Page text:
As generally expected the doctoral review committee has to evaluate the PhD student by asking questions, by debating etc.,

Faculty in doctoral review committee can give soft suggestions and are capable to provide grade for student for that particular semester and can even fail the student.

All the above are not insulting since all are dependent on performance of student.

But how to respond to the intimidating comments by faculty in the committee that are harsh and targeting personally, which are not deserved for a doctoral student?

Example for harsh suggestions includes follows:

1) Don't roam outside too much, sit and do work silently;

2) Better to eat less and work more;

3) It is not worth for you to do this degree;

4) Can't you understand the content that bachelor degree students can understand?

5) The work done by you in this semester can be done by masters student in a week.


  • So what suggestions ? – Solar Mike Feb 3 '19 at 18:28
  • Getting 3), 4) and 5) means you may not be equipped to do a PhD degree. – Prof. Santa Claus Feb 3 '19 at 19:09
  • 6
    Have you actually received these comments or suggestions? – Anyon Feb 3 '19 at 19:09
  • 2
    So, how do you get these scenarios? From a dream? Or were you present at someone else's review? Or repeated to you by other students (who could by winding you up...) – Solar Mike Feb 3 '19 at 19:53
  • 4
    1-2 are inappropriate, it is nobody's business how much one eats or spends outside, as long as officially required hours (if there is a requirement, which I personally find unproductive) are put in; or results are obtained. Possibly, if the latter is found wanting, remarks 3-5 may reflect reality or not; we do not know. But they are very rude, in any case. To something like that, the response needs to be - "What is it concretely that you expect me to improve?" – Captain Emacs Feb 3 '19 at 21:18

I don't know what is the norm in your institution, but I would characterize comments 1-3 as highly inappropriate and unprofessional. The committee should not comment on a student's work and social habits, their eating habits (this would be considered taboo in many places), or offer dismal views on their prospects after a PhD. In my department, making comments like this towards a student will, at the very least, be cause for a very unpleasant talk with the department head, and will require a written apology to the student.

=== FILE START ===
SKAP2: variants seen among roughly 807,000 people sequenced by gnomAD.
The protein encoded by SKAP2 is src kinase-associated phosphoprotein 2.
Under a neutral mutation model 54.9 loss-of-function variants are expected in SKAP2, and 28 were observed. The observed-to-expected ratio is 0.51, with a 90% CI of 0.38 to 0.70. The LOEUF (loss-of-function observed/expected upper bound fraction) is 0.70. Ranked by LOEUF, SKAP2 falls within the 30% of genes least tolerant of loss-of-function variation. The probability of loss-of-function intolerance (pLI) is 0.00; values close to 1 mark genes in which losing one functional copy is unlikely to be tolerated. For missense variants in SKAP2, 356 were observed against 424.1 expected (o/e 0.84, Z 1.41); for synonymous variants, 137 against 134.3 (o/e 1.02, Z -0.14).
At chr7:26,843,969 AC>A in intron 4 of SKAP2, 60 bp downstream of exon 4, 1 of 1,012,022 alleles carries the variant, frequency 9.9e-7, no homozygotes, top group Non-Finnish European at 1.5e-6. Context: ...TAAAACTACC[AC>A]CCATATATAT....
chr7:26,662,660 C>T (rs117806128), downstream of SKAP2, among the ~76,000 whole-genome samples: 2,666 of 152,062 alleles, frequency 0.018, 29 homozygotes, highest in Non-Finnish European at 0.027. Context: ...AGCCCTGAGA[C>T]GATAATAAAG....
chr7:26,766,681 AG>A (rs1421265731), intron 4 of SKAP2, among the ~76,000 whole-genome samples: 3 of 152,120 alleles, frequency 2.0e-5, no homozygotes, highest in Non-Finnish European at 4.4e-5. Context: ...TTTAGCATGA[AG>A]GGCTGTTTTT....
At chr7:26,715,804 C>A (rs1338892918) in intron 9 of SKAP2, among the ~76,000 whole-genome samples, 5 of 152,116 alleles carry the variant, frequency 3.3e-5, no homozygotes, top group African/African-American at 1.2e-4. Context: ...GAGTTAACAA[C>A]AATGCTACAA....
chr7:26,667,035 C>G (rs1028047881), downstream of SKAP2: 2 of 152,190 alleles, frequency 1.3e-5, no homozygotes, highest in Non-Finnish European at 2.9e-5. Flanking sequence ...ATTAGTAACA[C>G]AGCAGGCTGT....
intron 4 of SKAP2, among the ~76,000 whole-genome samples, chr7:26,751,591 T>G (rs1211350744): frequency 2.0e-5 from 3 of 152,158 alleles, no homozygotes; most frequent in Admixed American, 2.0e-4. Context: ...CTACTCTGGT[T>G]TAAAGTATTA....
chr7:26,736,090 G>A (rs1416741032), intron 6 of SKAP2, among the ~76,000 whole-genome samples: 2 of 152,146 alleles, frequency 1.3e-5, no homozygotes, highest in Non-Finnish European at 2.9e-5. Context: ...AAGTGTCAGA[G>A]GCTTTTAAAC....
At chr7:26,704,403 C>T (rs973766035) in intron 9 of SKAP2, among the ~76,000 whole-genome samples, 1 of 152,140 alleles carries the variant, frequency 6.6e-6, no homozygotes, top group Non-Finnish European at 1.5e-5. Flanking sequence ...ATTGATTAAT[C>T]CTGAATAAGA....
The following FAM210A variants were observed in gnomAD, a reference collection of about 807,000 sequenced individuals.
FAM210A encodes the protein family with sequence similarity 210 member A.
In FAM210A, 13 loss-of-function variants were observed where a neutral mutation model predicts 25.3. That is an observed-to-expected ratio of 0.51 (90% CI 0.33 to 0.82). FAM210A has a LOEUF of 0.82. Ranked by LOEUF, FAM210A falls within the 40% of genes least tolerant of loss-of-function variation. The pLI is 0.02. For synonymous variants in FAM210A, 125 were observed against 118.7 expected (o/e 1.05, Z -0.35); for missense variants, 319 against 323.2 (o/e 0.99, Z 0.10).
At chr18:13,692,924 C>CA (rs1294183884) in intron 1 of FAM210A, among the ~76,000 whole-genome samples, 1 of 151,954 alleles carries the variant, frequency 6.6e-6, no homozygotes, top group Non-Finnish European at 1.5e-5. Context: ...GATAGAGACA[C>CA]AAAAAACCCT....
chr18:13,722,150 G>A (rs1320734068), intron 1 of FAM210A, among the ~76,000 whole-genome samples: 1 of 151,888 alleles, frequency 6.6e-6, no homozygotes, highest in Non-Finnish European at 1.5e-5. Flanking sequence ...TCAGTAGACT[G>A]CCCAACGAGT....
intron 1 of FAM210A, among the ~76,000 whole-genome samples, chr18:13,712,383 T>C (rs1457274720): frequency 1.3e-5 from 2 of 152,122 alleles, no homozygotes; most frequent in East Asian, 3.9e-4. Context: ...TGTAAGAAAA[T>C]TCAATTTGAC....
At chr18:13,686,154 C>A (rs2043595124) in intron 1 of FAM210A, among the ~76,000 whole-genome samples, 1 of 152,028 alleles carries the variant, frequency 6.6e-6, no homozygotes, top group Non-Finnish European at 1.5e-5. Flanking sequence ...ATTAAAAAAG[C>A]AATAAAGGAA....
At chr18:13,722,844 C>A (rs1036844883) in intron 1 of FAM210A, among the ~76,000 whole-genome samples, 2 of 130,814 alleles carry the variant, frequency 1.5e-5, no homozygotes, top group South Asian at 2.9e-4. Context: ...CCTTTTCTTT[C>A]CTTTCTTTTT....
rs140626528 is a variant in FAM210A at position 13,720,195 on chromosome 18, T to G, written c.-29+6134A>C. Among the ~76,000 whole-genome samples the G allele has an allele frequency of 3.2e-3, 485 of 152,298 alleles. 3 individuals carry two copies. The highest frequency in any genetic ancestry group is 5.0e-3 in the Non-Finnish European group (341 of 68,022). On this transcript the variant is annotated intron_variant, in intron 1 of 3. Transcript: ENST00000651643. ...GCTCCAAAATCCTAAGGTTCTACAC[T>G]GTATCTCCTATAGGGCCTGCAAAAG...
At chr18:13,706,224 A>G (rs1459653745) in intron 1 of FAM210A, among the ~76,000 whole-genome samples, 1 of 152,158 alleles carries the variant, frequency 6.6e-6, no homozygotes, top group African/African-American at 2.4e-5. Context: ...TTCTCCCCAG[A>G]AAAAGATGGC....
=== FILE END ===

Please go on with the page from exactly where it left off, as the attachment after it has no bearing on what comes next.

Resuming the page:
Criticism on your progress or your understanding is definitely acceptable, but can be conveyed in a more conducive manner (e.g. by not comparing your understanding to that of undergraduates - offensive to both you and to undergrads).

That said, if you receive these kinds of comments, you should speak with your advisor and see what you can do to make things work better. Comments 4-5 are simply a rude way of saying that you aren't making sufficient progress.

If you feel comfortable with your advisor, and assuming a culture of abuse is not prevalent in your department, you may raise this issue with them. I for one would be furious to hear this and would probably confront the offending committee member myself. If not - try to contact student affairs.

Abuse towards students should not be tolerated.


Avoid getting spun up into a fight. Or saying poor me. Or conceding global negatives about yourself. Just ignore the gratitous observations on you. Concentrate on the content.

Fix any issues with your work (or your response to questions). Get corrections done. If a re-exam is done, make sure you can cover questions that were a problem last time.

[Even if the observations were to be "right" (and they may not be), it's not like you can flip a switch and radically change your capabilities at this stage. Concentrate on the objective which is passing.]


Sometimes simple and direct (but very polite) answers are the best.

1) Don't roam outside too much, sit and do work silently

I find it easier to concentrate when I roam outside in my spare time.

2) Better to eat less and work more

I unfortunately cannot work more if I am hungry.

3) It is not worth for you to do this degree.

That is sad to hear, but I find it pretty amusing to pursue a PhD and I will continue to do so.

4) Can't you understand the content that bachelor degree students can understand?

I might have a lack of knowledge or practice, but I am pretty sure I will learn what I have to, and fulfill the requirements soon enough.

5) The work done by you in this semester can be done by masters student in a week.

I really wish I was as talented as one of the masters students that you know. I will try harder, though.

It should also be noted that these comments are merely subjective and have no weigh unless backed up with concrete proof.
The proof is usually an evaluation of the student through comparison between the duties (or promises) and the achievements.

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